Drug Shows Promise for Genetic Proopiomelanocortin Deficiency

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Drug Shows Promise for Genetic Proopiomelanocortin Deficiency
Drug Shows Promise for Genetic Proopiomelanocortin Deficiency

THURSDAY, July 21, 2016 (HealthDay News) -- An experimental drug spurred substantial weight loss in patients with proopiomelanocortin (POMC) deficiency, according to a study published in the July 21 issue of the New England Journal of Medicine.

In the new study, researchers in France and Germany tested an experimental compound called setmelanotide in two adults with POMC deficiency. The drug is being developed by a Boston biotech firm called Rhythm Pharmaceuticals, to treat rare genetic causes of obesity. According to the company, setmelanotide activates a receptor on cells that would normally be turned on by melanocyte-stimulating hormone, derived from POMC.

The patients in this study -- both women in their 20s -- were severely obese, weighing close to 350 pounds. After about 10 months of daily setmelanotide injections, one patient had lost 112 pounds. The other lost 45 pounds over three months of treatment. The first patient initially had her treatment stopped after three months. She immediately became excessively hungry and began to regain the weight, lead researcher Peter Kuhnen, M.D., of the Charite-Medical University of Berlin, told HealthDay. Once the patient went back on the drug, her hunger eased and her weight loss continued.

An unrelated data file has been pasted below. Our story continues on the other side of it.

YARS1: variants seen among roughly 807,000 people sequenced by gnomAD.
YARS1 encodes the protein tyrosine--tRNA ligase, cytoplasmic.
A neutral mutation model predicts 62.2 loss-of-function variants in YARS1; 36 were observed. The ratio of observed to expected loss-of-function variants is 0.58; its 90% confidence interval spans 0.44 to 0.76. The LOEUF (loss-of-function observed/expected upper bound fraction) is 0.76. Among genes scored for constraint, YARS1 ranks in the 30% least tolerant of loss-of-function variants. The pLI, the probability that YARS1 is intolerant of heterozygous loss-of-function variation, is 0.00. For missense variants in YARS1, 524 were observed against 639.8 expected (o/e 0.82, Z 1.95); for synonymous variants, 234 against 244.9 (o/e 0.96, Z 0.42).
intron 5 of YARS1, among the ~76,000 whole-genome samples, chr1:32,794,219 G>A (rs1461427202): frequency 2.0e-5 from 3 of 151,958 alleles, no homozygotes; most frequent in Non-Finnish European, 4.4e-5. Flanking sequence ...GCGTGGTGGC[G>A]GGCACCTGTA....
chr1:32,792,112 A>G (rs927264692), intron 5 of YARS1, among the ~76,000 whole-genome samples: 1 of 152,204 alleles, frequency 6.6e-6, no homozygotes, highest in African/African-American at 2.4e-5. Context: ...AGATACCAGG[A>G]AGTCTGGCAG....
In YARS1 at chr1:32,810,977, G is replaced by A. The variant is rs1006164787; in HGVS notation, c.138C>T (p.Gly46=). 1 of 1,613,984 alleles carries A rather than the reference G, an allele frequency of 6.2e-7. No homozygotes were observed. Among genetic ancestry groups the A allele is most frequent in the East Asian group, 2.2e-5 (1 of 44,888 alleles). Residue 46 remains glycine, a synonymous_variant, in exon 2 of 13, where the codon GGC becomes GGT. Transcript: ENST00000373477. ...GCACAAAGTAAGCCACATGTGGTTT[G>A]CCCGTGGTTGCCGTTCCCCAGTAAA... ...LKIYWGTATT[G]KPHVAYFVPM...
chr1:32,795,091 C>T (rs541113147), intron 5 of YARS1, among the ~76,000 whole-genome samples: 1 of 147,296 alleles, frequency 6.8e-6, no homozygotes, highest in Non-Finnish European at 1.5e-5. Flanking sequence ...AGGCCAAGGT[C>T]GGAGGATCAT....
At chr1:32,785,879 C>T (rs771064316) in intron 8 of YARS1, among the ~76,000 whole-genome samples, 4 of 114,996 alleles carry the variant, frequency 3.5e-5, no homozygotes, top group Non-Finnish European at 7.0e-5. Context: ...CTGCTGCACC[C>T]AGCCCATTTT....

"For this reason, we presume that the patients will need to take the drug indefinitely," Kuhnen said.

One author disclosed financial ties to Rhythm Pharmaceuticals, which provided the study medication and regulatory support.

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